Long service life thanks to robust construction
Wind turbines operate in all weather conditions, so reliable operations must be guaranteed when wind conditions change as well as during high wind speeds. Housed in grey cast iron generators from Johannes Huebner Giessen are extremely robust by design. An example based on short-circuit braking makes the benefits plain: the grey cast iron housing of the generator is more robust than the aluminium housings generally used. A huge amount of excess energy needs to dissipate when short-circuiting the generator. "The grey cast iron housing is able to absorb the energy. That allows the generator to decelerate and brake reliably", explains Prof. Ewald Ohl.
What is more, the grey cast iron housing is more mechanically robust. It is finished with a salt-water proof coating to prevent corrosion damage resulting from exposure to salt air. Protection class IP55 confirms the generator is protected against ingress of foreign particles and hosing water jets from all directions. All Huebner generators are fundamentally mechanically stable by design. Prof. Ewald Ohl explains: "Our generators are dimensioned to suit application requirements." The robust construction is made clearly visible by the strengthened shafts and the strengthened end shields. That proves advantages as wind turbines are subjected to widely differing load forces. For example, powerful gusts of wind can result in shear forces in the wind turbine, which the strengthened shafts and end shields are able to absorb.
Effect of individual adaptation
A decisive factor in achieving a large energy yield is that it is possible to make use of energy at as many wind speeds as possible. This aim is achieved through the technical characteristics of the wind turbine such as aerodynamic housing, the optimized rotor concept with four blades as well as individual adaptations made to the generator. In contrast to an asynchronous generator the permanent magnet synchronous generator can make use of a wide range of wind speeds and guarantees a high level of efficiency over a long service life. In combination with variable speed operation this makes it possible to achieve a high power density in conjunction with all wind speeds. To ensure the turbine operates flawlessly and efficiently all components need interact 100 per cent seamlessly with one another.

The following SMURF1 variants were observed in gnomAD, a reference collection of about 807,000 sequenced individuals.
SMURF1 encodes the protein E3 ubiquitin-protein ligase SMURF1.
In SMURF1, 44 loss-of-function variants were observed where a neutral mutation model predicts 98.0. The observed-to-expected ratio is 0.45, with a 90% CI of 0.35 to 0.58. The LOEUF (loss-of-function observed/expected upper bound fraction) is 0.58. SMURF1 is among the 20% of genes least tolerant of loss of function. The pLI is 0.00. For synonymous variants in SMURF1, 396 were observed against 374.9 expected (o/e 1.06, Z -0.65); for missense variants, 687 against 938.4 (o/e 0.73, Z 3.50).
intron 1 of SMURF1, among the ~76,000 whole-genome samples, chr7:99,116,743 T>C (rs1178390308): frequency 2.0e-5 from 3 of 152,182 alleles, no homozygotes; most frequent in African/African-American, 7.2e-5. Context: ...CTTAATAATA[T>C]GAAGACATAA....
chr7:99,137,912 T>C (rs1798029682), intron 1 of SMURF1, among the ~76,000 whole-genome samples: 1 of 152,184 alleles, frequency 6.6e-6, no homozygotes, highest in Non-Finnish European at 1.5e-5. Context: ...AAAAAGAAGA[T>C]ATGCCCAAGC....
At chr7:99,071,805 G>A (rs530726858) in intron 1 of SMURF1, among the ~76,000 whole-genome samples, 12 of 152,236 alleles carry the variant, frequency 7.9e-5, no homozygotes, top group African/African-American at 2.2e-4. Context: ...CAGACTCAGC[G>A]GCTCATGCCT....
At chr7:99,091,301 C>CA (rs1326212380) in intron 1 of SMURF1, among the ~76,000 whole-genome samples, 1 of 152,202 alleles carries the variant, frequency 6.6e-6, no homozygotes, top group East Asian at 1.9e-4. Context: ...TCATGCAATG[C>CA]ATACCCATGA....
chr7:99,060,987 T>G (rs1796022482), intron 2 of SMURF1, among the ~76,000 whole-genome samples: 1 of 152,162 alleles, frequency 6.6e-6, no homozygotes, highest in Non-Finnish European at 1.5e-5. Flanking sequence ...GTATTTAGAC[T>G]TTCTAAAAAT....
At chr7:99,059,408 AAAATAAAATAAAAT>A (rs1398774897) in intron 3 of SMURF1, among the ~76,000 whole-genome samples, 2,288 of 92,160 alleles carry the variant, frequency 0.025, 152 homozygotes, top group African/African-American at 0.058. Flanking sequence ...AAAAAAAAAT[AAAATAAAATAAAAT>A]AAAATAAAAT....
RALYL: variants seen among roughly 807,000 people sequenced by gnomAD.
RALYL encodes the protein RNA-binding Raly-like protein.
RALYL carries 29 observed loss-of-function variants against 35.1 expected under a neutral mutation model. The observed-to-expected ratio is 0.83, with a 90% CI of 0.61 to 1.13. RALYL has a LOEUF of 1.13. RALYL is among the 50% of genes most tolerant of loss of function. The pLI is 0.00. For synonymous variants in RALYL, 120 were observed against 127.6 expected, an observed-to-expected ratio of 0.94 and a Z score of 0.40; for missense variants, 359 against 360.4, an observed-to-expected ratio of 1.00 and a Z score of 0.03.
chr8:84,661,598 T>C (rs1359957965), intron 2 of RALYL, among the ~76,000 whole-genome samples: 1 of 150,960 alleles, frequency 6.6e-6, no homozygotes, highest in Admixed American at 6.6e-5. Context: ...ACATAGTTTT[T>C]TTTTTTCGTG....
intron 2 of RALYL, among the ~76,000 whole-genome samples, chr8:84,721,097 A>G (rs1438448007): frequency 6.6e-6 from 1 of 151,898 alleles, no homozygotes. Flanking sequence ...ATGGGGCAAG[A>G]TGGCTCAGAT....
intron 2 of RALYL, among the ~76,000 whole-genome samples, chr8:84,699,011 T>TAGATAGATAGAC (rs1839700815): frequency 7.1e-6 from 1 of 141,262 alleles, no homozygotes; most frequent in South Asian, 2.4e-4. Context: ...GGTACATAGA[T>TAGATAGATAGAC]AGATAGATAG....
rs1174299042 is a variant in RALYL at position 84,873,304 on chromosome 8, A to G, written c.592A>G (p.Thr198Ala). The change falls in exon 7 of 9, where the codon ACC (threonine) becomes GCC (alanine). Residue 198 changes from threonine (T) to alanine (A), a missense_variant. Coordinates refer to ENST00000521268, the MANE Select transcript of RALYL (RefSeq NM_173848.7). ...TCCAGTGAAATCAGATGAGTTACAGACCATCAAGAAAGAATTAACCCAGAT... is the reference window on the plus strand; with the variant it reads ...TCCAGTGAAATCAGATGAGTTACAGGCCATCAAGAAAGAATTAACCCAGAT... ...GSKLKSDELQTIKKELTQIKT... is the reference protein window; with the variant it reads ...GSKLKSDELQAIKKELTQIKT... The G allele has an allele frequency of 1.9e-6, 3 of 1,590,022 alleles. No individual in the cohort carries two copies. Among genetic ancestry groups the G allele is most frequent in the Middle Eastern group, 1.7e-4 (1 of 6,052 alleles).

The cooperation between Johannes Huebner Giessen and WES energy GmbH amounted to more than adapting the generator. Once it was ready for series production Johannes Huebner Giessen integrated the small wind turbine as one of the components of the EnergyContainer® – a hybrid energy concept for a mobile power supply consisting of the wind turbine described, a solar collector system and a diesel generator. The EnergyContainer® is a fully autonomous system that is able to generate power far away from the power grid, as is the case during aid operations following catastrophic events as well as to supply power to remote building sites and pipeline stations. Consequently, both the EnergyContainer® and WESpe make an important contribution towards autonomous power supplies – the EnergyContainer® predominantly for power supplies in remote locations and areas with difficult access, while the WESpe supports private households, communities, companies and agricultural farms to autonomously generate electricity with high yields and become more independent of energy companies in the future.